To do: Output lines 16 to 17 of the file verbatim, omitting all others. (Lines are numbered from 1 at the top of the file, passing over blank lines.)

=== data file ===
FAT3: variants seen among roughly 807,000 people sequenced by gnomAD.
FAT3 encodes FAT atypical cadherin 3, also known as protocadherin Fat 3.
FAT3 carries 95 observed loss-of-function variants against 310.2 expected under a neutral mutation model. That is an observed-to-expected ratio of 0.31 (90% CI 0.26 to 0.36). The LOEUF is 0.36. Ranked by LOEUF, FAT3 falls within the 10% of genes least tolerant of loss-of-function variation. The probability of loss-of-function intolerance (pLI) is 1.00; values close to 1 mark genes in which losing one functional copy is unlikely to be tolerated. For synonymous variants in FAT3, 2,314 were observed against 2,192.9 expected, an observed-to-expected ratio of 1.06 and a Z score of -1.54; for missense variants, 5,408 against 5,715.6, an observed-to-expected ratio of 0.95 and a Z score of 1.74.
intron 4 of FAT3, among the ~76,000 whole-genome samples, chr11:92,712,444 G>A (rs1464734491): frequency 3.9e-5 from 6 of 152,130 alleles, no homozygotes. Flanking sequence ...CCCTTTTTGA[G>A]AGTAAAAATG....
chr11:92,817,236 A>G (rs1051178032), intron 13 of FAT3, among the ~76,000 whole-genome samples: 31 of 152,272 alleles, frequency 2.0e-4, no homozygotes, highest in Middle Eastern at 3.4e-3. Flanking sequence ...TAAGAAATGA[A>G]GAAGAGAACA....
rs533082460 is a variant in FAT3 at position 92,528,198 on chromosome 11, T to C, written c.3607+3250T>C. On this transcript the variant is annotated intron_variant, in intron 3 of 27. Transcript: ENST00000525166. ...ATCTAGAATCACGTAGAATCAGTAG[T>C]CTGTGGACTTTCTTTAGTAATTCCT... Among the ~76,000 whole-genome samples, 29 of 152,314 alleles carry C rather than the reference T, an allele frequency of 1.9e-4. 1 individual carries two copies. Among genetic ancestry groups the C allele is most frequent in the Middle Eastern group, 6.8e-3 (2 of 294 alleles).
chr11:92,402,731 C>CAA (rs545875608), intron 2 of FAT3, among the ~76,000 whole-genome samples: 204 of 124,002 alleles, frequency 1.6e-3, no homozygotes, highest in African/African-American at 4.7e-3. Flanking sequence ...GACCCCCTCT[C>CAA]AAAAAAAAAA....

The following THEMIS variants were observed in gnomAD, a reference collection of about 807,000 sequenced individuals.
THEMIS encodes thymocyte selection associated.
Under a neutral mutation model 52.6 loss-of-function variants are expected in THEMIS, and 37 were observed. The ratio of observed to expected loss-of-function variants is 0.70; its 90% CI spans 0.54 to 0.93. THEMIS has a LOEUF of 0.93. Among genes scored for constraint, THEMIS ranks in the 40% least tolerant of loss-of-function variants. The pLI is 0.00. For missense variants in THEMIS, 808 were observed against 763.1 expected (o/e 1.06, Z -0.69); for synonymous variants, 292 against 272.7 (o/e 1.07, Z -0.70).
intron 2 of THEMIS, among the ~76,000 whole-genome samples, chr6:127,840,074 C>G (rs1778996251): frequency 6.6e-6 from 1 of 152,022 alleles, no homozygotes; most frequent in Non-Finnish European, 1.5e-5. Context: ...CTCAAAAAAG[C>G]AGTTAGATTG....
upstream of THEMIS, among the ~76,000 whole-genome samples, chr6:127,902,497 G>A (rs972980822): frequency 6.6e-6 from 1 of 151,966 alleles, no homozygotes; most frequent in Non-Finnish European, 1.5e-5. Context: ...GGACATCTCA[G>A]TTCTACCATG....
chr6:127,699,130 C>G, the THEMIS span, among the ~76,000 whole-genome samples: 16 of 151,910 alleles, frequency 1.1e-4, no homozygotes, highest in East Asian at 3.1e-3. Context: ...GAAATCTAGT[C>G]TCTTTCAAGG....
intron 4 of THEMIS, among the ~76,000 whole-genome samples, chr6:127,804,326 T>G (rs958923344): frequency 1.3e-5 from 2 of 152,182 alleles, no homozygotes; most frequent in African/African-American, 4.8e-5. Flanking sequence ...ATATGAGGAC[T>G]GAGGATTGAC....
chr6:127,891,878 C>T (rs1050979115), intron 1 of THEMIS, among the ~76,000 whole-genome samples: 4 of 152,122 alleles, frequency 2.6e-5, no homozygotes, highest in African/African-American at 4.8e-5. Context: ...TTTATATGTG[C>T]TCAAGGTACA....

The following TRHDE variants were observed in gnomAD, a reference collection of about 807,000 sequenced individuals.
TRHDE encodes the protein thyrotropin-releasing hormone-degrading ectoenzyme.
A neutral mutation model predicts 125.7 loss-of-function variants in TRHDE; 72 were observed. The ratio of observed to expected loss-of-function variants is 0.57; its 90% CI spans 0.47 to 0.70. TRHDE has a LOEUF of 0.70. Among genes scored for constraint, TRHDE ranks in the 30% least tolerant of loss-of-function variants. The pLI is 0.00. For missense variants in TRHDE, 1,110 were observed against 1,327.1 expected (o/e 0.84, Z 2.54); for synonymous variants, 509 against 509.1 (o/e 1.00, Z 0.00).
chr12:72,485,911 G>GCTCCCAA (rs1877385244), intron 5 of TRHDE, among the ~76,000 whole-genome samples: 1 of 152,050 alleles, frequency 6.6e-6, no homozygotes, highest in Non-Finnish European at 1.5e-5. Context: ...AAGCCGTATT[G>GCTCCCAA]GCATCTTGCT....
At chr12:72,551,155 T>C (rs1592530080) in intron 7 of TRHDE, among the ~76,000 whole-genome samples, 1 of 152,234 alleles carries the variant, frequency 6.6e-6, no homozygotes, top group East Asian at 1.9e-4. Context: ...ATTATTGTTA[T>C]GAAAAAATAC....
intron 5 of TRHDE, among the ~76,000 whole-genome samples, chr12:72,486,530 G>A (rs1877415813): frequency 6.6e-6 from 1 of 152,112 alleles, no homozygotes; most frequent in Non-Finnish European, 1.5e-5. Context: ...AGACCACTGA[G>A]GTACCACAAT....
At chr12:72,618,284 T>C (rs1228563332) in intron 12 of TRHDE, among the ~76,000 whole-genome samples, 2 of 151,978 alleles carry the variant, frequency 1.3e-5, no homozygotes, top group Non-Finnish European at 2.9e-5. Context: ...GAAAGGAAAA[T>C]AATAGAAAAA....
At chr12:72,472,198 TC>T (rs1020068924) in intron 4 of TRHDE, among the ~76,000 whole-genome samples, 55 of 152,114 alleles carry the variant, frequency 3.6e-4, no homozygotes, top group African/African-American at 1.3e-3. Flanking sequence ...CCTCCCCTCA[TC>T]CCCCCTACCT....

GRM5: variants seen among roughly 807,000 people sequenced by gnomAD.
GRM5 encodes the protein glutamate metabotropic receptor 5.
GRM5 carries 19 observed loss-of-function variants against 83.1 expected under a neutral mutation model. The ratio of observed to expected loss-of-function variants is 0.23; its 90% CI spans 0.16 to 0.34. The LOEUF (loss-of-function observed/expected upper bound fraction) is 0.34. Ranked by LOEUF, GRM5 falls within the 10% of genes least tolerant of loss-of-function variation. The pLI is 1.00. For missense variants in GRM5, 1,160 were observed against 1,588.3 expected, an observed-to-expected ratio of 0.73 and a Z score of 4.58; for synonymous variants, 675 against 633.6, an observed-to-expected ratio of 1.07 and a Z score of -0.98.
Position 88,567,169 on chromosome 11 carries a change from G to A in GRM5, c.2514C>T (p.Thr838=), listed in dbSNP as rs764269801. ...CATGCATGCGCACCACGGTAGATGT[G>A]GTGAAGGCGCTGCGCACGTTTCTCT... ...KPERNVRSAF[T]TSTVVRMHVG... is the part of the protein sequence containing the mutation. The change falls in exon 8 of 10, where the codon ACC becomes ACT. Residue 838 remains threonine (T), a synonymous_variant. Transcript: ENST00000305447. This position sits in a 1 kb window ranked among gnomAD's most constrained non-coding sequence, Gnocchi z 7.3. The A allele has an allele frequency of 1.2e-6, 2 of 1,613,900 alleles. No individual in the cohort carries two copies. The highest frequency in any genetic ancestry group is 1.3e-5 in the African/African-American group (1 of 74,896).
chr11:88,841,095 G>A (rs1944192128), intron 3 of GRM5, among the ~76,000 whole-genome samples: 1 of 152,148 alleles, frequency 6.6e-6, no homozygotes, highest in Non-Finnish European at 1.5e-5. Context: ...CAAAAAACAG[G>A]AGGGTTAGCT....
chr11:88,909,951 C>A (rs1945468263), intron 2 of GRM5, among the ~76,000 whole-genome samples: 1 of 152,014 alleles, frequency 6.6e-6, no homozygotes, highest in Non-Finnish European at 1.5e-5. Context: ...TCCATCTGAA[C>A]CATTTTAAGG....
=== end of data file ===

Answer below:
The following TRHDE variants were observed in gnomAD, a reference collection of about 807,000 sequenced individuals.
TRHDE encodes the protein thyrotropin-releasing hormone-degrading ectoenzyme.